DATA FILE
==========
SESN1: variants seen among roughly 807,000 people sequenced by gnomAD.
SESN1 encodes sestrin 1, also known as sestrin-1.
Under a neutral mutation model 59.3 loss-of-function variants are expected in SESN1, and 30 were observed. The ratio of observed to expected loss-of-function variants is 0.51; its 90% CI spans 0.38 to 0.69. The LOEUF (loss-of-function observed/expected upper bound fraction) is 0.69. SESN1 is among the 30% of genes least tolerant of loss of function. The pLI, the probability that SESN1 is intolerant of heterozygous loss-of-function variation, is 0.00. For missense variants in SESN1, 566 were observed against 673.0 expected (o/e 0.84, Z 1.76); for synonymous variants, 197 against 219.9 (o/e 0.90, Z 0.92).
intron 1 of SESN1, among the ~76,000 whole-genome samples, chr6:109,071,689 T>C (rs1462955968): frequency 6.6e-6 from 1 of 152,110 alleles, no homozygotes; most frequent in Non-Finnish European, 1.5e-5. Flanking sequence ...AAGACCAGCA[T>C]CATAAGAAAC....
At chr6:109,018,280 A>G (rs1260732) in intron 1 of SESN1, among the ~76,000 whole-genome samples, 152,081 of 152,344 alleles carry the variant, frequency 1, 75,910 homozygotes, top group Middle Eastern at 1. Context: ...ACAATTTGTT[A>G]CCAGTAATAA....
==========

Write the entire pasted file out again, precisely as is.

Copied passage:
SESN1: variants seen among roughly 807,000 people sequenced by gnomAD.
SESN1 encodes sestrin 1, also known as sestrin-1.
Under a neutral mutation model 59.3 loss-of-function variants are expected in SESN1, and 30 were observed. The ratio of observed to expected loss-of-function variants is 0.51; its 90% CI spans 0.38 to 0.69. The LOEUF (loss-of-function observed/expected upper bound fraction) is 0.69. SESN1 is among the 30% of genes least tolerant of loss of function. The pLI, the probability that SESN1 is intolerant of heterozygous loss-of-function variation, is 0.00. For missense variants in SESN1, 566 were observed against 673.0 expected (o/e 0.84, Z 1.76); for synonymous variants, 197 against 219.9 (o/e 0.90, Z 0.92).
intron 1 of SESN1, among the ~76,000 whole-genome samples, chr6:109,071,689 T>C (rs1462955968): frequency 6.6e-6 from 1 of 152,110 alleles, no homozygotes; most frequent in Non-Finnish European, 1.5e-5. Flanking sequence ...AAGACCAGCA[T>C]CATAAGAAAC....
At chr6:109,018,280 A>G (rs1260732) in intron 1 of SESN1, among the ~76,000 whole-genome samples, 152,081 of 152,344 alleles carry the variant, frequency 1, 75,910 homozygotes, top group Middle Eastern at 1. Context: ...ACAATTTGTT[A>G]CCAGTAATAA....